SpaceX has posted a cool new video showing a recent mission from launch to landing.
The sped-up footage (below) came via a camera attached to a Falcon 9 rocket and even includes the original sounds (albeit faster than normal) that were recorded at the time.
The dramatic video was captured during last month’s SAOCOM 1B mission, which placed an Earth-observing satellite into orbit for Argentina’s CONAE space agency.
Following the Falcon 9’s launch from Space Launch Complex 40 at Cape Canaveral Air Force Station, the rocket’s first stage returned to Landing Zone 1 in what was SpaceX’s first on-shore booster landing since March 2020. All of the landings for missions since then had taken place on a drone ship waiting in the Atlantic.
Soon after the successful on-shore landing, SpaceX posted a video taken from the sky showing the booster coming back to base and landing upright in a feat that never fails to impress.
Landing the booster is an important part of SpaceX’s ongoing work to build a fully reusable rocket system to significantly cut the cost of space missions. Besides the first-stage booster, SpaceX also reuses the capsule that sits atop the rocket, and is on its way to perfecting a method for retrieving the two fairing halves by catching them in giant nets as they drift back to Earth using parachutes shortly after launch.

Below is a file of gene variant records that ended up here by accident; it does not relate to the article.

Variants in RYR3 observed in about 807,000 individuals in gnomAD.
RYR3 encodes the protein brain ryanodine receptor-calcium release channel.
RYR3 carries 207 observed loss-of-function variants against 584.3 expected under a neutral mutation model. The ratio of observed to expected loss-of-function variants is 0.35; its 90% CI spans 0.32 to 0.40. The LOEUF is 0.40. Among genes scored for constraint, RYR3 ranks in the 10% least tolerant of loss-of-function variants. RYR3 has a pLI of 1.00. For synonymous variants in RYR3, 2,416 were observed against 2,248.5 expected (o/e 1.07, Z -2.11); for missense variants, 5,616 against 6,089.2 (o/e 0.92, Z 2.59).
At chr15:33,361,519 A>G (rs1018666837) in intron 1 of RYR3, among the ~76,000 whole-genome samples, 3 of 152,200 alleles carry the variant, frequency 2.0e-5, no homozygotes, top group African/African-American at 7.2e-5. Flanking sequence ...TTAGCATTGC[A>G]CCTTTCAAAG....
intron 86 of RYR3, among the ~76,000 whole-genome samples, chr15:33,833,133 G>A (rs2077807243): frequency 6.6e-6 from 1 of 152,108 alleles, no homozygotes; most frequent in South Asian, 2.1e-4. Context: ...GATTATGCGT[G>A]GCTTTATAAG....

It’s exploring the possibility of recovering the second-stage booster, too, though this is a more complex maneuver as it needs to be brought down after achieving orbital velocity.
The commercial space transportation company is currently hard at work building and testing its much more powerful Starship rocket, which could take its first orbital test flight as early as 2021.
When fully developed, the Starship spacecraft and Super Heavy rocket (together referred to as Starship) will be capable of carrying up to 100 people and cargo to Earth orbit, the moon, Mars, and possibly beyond.
Starship will launch atop the first-stage Super Heavy rocket, which will be powered by 31 Raptor engines. The plan is that once in space, Starship will use a smaller set of Raptor engines to travel between different destinations, with its design enabling it to land back on Earth or another planet.
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